The results look promising, but don’t trade in your bottle of sunblock for a can of tomato paste just yet. You have to consume a pretty significant amount of lycopene to see protective effects, and it doesn’t compare to a heavy-duty sunblock for high-exposure days. But if you’re looking for a little extra daily protection (or an excuse to eat as many tomatoes as you want), tomatoes may help protect you from mild sun damage and possibly carcinomas. Cooked tomatoes have more lycopene than raw tomatoes, and tangerine varieties seem to have lycopene that’s more bioavailable than other varieties. Tomato paste, the most concentrated tomato product, is great on homemade pizza and in simple-to-make tomato sauces.

Studies have also shown that the lycopene in tomatoes may help lower the risk of prostate, lung, and stomach cancers. So don’t forget to enjoy tomatoes while they’re available locally this summer, and remember that the healthy goodness of tomatoes is just a can opener away year-round.

Guitar as doctors perform brain surgery

Musician Abhishek Prasad strummed his guitar throughout his neurosurgery to help doctors zero in on the part of the brain being operated on during the first such procedure in India.

The 37-year-old had been suffering from musician’s dystonia, a neurological movement disorder which leads to involuntary muscle contractions.

Prasad had to be kept conscious during the surgery as the doctors needed continuous feedback to work out exactly which parts of the brain were to be targeted to stop the cramps affecting the three fingers on his left hand.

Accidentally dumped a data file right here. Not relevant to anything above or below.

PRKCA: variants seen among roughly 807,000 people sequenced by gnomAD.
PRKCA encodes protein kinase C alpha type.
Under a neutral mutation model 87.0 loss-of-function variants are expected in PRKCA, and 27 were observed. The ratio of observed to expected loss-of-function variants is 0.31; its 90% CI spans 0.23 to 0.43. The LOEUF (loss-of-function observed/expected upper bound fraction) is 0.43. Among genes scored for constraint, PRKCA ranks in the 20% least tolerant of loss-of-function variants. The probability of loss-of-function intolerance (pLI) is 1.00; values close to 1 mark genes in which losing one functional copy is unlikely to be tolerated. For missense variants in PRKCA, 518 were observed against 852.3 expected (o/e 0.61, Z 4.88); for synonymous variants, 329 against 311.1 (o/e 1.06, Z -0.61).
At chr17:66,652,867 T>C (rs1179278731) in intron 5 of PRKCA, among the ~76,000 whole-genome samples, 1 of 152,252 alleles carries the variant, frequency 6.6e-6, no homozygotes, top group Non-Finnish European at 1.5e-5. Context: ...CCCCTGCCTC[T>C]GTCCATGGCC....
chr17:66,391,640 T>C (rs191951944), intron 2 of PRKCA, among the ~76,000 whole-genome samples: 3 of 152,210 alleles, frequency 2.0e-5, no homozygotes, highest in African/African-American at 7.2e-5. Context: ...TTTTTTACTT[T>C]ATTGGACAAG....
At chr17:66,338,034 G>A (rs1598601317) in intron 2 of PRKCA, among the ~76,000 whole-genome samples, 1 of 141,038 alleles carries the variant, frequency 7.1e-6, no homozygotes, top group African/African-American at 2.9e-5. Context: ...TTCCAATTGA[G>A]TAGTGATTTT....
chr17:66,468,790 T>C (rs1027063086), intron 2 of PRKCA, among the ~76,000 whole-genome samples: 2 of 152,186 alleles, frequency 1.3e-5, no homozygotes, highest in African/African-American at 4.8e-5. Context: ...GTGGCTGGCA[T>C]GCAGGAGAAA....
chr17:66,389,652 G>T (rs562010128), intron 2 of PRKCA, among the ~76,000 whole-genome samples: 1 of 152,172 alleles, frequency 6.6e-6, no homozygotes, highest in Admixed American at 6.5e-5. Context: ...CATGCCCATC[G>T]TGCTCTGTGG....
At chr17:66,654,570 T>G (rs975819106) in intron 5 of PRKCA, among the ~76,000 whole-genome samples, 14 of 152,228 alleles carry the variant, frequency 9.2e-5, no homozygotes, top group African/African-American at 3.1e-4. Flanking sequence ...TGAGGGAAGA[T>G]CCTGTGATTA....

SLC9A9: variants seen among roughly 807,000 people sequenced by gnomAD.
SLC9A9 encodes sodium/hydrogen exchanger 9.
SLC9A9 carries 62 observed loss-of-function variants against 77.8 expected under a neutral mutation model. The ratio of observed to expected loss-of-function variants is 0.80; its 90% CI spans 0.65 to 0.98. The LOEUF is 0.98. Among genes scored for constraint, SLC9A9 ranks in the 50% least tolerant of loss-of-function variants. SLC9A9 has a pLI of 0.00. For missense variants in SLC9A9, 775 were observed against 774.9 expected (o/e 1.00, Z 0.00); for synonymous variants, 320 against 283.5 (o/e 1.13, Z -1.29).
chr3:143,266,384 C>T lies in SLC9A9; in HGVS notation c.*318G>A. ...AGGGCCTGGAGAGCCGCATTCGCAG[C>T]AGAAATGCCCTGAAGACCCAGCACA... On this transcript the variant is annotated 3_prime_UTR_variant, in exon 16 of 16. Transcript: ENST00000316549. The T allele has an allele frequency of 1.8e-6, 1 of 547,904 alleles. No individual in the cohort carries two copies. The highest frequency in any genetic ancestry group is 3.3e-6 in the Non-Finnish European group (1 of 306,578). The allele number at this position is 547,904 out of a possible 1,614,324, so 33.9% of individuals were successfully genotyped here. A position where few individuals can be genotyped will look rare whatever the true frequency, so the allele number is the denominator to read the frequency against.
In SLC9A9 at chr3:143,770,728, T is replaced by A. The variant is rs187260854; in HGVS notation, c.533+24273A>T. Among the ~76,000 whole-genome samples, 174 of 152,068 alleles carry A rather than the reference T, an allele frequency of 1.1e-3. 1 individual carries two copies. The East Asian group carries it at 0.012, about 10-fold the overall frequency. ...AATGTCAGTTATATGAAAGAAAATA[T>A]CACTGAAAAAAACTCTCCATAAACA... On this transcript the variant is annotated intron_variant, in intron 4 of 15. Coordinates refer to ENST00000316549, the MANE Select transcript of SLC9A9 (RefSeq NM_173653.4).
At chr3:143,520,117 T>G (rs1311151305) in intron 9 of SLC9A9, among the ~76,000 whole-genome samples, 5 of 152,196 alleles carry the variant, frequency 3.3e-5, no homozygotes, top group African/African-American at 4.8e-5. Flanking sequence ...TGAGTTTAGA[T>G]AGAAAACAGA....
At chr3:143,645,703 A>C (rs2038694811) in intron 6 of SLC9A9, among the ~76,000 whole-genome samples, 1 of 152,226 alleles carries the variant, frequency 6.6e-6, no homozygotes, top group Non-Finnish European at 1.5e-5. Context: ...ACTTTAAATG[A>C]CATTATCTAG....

So the obvious thing was to play his guitar.

It is only the eighth time in the world that such a procedure has been undertaken with the patient being conscious, a statement by Bengaluru’s Bhagwan Mahaveer Jain hospital said on Friday.

“A 14-mm hole was made in the skull and a specialized electrode was passed into the brain under local anesthesia,” Sharan Srinivasan, a stereotactic and functional neurosurgeon at the hospital, said.

Prasad was overwhelmed with the outcome after suffering since October 2015 with the disorder that could have ended his career.

He had tried several hospitals to find a cure, but most doctors could not diagnose the problem or had focused on the cramps rather than the neurological activity causing them.

“It was a very emotional moment for me and my family. This is what I have been waiting for,” said Prasad, who had quit his IT job to pursue a career in music.

Pope Francis after inoperable tumor diagnosis dies

The 7-year-old girl who wished to meet Pope Francis after she was diagnosed with an inoperable brain tumor died on Monday, her family said in a Facebook post. Philomena Stendardo, of Pennsylvania, received her diagnosis in September after her father noticed her acting odd during soccer practice, Fox 29 reported.

Shortly after, her family started updating supporters with the hashtags #PrayforPhil and #StormTheHeavens, and she was contacted by the Make A Wish Foundation. Philomena asked if she could meet Pope Francis, which was made possible in November.

“Philomena’s purpose was, and always will be, to bring people back to our Lord, WHERE WE ALL BELONG!!” a July 24 post said, in part. “Don’t you DARE turn your back on him now. Doing so would break Philomena’s heart. Saint Philomena of Port Richmond is now with the only person who loves her more than Mark and I do. The smile on her face when she went home, and the glow around her, told us all how happy she is.”